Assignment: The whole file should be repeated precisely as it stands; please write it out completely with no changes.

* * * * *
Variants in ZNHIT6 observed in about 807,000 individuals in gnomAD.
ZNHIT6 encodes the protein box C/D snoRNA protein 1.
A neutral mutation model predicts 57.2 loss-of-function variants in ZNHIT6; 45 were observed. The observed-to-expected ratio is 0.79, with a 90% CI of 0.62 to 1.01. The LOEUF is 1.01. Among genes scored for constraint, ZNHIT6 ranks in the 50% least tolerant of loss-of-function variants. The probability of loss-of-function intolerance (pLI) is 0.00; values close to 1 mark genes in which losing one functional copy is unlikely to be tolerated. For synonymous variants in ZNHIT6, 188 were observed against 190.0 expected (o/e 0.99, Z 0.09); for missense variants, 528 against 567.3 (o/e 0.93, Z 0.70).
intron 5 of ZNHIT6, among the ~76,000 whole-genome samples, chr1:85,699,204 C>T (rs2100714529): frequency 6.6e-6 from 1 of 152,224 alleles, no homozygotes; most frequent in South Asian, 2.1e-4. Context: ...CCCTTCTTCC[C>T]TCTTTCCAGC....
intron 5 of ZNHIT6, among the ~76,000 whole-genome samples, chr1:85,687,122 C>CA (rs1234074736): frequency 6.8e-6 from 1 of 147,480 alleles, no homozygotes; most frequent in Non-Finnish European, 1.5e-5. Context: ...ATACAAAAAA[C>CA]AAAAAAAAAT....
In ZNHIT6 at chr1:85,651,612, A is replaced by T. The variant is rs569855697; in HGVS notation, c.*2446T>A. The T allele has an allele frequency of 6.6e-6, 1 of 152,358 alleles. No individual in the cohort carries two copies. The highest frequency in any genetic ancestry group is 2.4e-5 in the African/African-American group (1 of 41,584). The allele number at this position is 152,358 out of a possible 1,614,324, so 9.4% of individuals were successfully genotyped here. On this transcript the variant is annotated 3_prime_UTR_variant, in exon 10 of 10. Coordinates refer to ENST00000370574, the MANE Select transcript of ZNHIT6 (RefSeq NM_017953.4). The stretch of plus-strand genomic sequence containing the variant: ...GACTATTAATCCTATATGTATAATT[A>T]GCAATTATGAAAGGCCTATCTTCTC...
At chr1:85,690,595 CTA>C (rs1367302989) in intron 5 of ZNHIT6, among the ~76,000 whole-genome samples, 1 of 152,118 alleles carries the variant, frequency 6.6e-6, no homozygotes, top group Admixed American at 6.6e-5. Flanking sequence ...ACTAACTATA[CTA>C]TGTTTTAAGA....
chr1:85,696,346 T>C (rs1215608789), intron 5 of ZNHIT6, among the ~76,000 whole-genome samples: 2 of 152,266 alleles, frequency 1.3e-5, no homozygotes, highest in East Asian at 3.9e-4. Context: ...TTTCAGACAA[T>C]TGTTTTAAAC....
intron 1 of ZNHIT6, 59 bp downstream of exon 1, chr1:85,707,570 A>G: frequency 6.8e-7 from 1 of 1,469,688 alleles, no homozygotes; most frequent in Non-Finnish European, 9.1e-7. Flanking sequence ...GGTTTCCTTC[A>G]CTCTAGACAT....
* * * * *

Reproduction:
Variants in ZNHIT6 observed in about 807,000 individuals in gnomAD.
ZNHIT6 encodes the protein box C/D snoRNA protein 1.
A neutral mutation model predicts 57.2 loss-of-function variants in ZNHIT6; 45 were observed. The observed-to-expected ratio is 0.79, with a 90% CI of 0.62 to 1.01. The LOEUF is 1.01. Among genes scored for constraint, ZNHIT6 ranks in the 50% least tolerant of loss-of-function variants. The probability of loss-of-function intolerance (pLI) is 0.00; values close to 1 mark genes in which losing one functional copy is unlikely to be tolerated. For synonymous variants in ZNHIT6, 188 were observed against 190.0 expected (o/e 0.99, Z 0.09); for missense variants, 528 against 567.3 (o/e 0.93, Z 0.70).
intron 5 of ZNHIT6, among the ~76,000 whole-genome samples, chr1:85,699,204 C>T (rs2100714529): frequency 6.6e-6 from 1 of 152,224 alleles, no homozygotes; most frequent in South Asian, 2.1e-4. Context: ...CCCTTCTTCC[C>T]TCTTTCCAGC....
intron 5 of ZNHIT6, among the ~76,000 whole-genome samples, chr1:85,687,122 C>CA (rs1234074736): frequency 6.8e-6 from 1 of 147,480 alleles, no homozygotes; most frequent in Non-Finnish European, 1.5e-5. Context: ...ATACAAAAAA[C>CA]AAAAAAAAAT....
In ZNHIT6 at chr1:85,651,612, A is replaced by T. The variant is rs569855697; in HGVS notation, c.*2446T>A. The T allele has an allele frequency of 6.6e-6, 1 of 152,358 alleles. No individual in the cohort carries two copies. The highest frequency in any genetic ancestry group is 2.4e-5 in the African/African-American group (1 of 41,584). The allele number at this position is 152,358 out of a possible 1,614,324, so 9.4% of individuals were successfully genotyped here. On this transcript the variant is annotated 3_prime_UTR_variant, in exon 10 of 10. Coordinates refer to ENST00000370574, the MANE Select transcript of ZNHIT6 (RefSeq NM_017953.4). The stretch of plus-strand genomic sequence containing the variant: ...GACTATTAATCCTATATGTATAATT[A>T]GCAATTATGAAAGGCCTATCTTCTC...
At chr1:85,690,595 CTA>C (rs1367302989) in intron 5 of ZNHIT6, among the ~76,000 whole-genome samples, 1 of 152,118 alleles carries the variant, frequency 6.6e-6, no homozygotes, top group Admixed American at 6.6e-5. Flanking sequence ...ACTAACTATA[CTA>C]TGTTTTAAGA....
chr1:85,696,346 T>C (rs1215608789), intron 5 of ZNHIT6, among the ~76,000 whole-genome samples: 2 of 152,266 alleles, frequency 1.3e-5, no homozygotes, highest in East Asian at 3.9e-4. Context: ...TTTCAGACAA[T>C]TGTTTTAAAC....
intron 1 of ZNHIT6, 59 bp downstream of exon 1, chr1:85,707,570 A>G: frequency 6.8e-7 from 1 of 1,469,688 alleles, no homozygotes; most frequent in Non-Finnish European, 9.1e-7. Flanking sequence ...GGTTTCCTTC[A>G]CTCTAGACAT....